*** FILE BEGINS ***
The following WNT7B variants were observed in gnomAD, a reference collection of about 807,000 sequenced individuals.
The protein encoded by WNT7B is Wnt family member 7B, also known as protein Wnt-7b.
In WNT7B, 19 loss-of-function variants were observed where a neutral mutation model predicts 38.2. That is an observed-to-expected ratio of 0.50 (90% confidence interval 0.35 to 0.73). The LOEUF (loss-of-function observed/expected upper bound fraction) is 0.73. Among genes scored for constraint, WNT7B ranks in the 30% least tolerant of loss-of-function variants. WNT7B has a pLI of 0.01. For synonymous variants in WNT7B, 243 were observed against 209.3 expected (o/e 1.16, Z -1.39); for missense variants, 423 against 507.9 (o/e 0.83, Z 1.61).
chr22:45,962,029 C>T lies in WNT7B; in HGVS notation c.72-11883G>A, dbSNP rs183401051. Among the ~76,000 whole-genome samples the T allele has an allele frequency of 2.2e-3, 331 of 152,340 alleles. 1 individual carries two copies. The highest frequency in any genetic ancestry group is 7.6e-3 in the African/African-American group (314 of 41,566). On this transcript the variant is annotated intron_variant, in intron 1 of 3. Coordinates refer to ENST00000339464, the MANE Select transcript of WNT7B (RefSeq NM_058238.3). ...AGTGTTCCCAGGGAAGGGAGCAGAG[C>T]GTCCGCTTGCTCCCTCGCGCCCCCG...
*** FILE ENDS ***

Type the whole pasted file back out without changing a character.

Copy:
The following WNT7B variants were observed in gnomAD, a reference collection of about 807,000 sequenced individuals.
The protein encoded by WNT7B is Wnt family member 7B, also known as protein Wnt-7b.
In WNT7B, 19 loss-of-function variants were observed where a neutral mutation model predicts 38.2. That is an observed-to-expected ratio of 0.50 (90% confidence interval 0.35 to 0.73). The LOEUF (loss-of-function observed/expected upper bound fraction) is 0.73. Among genes scored for constraint, WNT7B ranks in the 30% least tolerant of loss-of-function variants. WNT7B has a pLI of 0.01. For synonymous variants in WNT7B, 243 were observed against 209.3 expected (o/e 1.16, Z -1.39); for missense variants, 423 against 507.9 (o/e 0.83, Z 1.61).
chr22:45,962,029 C>T lies in WNT7B; in HGVS notation c.72-11883G>A, dbSNP rs183401051. Among the ~76,000 whole-genome samples the T allele has an allele frequency of 2.2e-3, 331 of 152,340 alleles. 1 individual carries two copies. The highest frequency in any genetic ancestry group is 7.6e-3 in the African/African-American group (314 of 41,566). On this transcript the variant is annotated intron_variant, in intron 1 of 3. Coordinates refer to ENST00000339464, the MANE Select transcript of WNT7B (RefSeq NM_058238.3). ...AGTGTTCCCAGGGAAGGGAGCAGAG[C>T]GTCCGCTTGCTCCCTCGCGCCCCCG...